A total of 342 children are now in the care of Dorset County Council, 279 under Bournemouth council and 155 with Poole council.
Government figures for March 2009 show 265 for Dorset, 180 for Bournemouth and 115 in Poole.
Budget increase for looking after children
BOURNEMOUTH council’s budget for children’s social care has grown by nearly £5m in two years.
For the 2011 to 2012 financial year the budget started at £20.6m with £21.2m spent in the end.
For 2012 to 2013 the budget was £20.5m, with a final spend of £22.3m. This year the budget started at £23.2m and already stands at £25.5m.
This year the council has created 26 new jobs, including four managers and 15 social workers.
Dorset County Council’s budget for the children and families service was £25.1m in 2011 to 2012 and was raised to £27.1 for the last two years, with this year’s spend expected end up at £29m.
Poole council’s budget is £13.1m this year but in July councillors approved a £214,000 overspend, which has not yet been used. In the previous year the budget was £12.6m, which is around the same as the year 2011 to 2012.
High profile cases like those of Daniel Pelka and Hamzah Khan are believed to have led to an increase in concerned calls to social workers. Daniel Pelka was starved and beaten at his Coventry home and four-year-old Hamza’s mummified remains were found in his cot in Bradford.
Referrals (concerned calls) to Bournemouth council about children in the last three months show a rise of 48 percent.
Case study: Louise Kerrison
LOUISE Kerrison spent around two months being looked after by a foster carer at weekends when she was younger and said it had a positive effect on both her and her mother’s lives.
“I was only seven or eight,” she said.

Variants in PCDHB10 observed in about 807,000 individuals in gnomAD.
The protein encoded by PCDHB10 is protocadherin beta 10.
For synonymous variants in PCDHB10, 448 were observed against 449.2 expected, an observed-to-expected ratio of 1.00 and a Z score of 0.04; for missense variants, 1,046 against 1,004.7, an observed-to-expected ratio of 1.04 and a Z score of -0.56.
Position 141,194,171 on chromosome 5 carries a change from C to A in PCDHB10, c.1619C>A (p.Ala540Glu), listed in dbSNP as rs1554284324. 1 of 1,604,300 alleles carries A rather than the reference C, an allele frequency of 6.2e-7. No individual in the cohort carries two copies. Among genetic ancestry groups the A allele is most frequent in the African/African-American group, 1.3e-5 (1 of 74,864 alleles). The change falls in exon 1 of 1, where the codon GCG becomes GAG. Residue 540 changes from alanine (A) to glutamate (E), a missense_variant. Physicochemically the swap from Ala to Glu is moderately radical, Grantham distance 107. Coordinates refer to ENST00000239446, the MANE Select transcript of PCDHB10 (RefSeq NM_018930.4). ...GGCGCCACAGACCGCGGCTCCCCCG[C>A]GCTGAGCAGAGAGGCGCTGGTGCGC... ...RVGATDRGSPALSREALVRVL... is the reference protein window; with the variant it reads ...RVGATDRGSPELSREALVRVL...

“It gave us a break from everything that had been going on.
“So for us it was a good thing.”
Louise, now working as an apprentice accommodation support worker in Bournemouth, spent the rest of the week with her mother.
The 25-year-old said her foster carer was a woman who was older than her mum and remembers thinking ‘what’s going on’ when the foster care started.
“She was a stranger and I did not understand what was happening but over those weeks we got to know a routine, she added.
“I was frightened at first but then it turned out to be fun.”
Louise said she knows somebody in care in another town who suffered physical abuse at the hands of a female foster.
But that was more than 10 years ago and she still felt that in total the care system had helped her friend over time.
“Being in care has done her the world of good,” Louise said.
“And hopefully there are more checks on foster parents now,” she added.
COUNCILS have their own teams of foster carers and also use agencies. Bournemouth council has 279 children in care including 10 in adoption placements, 30 living in homes and 215 in foster care. From the total in foster care 95 children are with “in-house” carers and 120 are with agency foster carers.
Bournemouth Council welcomes anyone married, single or in a same sex relationship to apply to be a foster carer, call 0800 009 3084.
Poole council’s latest figures show they have 155 children in care.
Jane Underhill, fostering team manager, Borough of Poole, said: “We are always looking to recruit new foster carers, including specialist carers. We would encourage anyone considering becoming a foster carer to contact us to find out more information by either visiting boroughofpoole.com/fostering or telephone 01202 714711.”
Of the 342 children now in the care of Dorset County Council a total of 246 are in foster care, 170 of those looked after ‘in-house’.
Stuart Riddle, head of children and families at Dorset County Council, said: “There are many factors behind the increase in numbers of looked after children.
“We have learned lessons from serious case reviews, and other professionals and members of the public have a higher awareness of child welfare issues and are more willing to talk to us about the concerns which they have.
“For a number of years council budgets have been shrinking so prioritising spending in key areas is essential.
“We are working smarter to find solutions that meet the needs of looked after children.”
To become a foster carer for Dorset County Council call 0800 1959654 or visit dorsetforyou.com/fostering for more information.
Comments are closed on this article.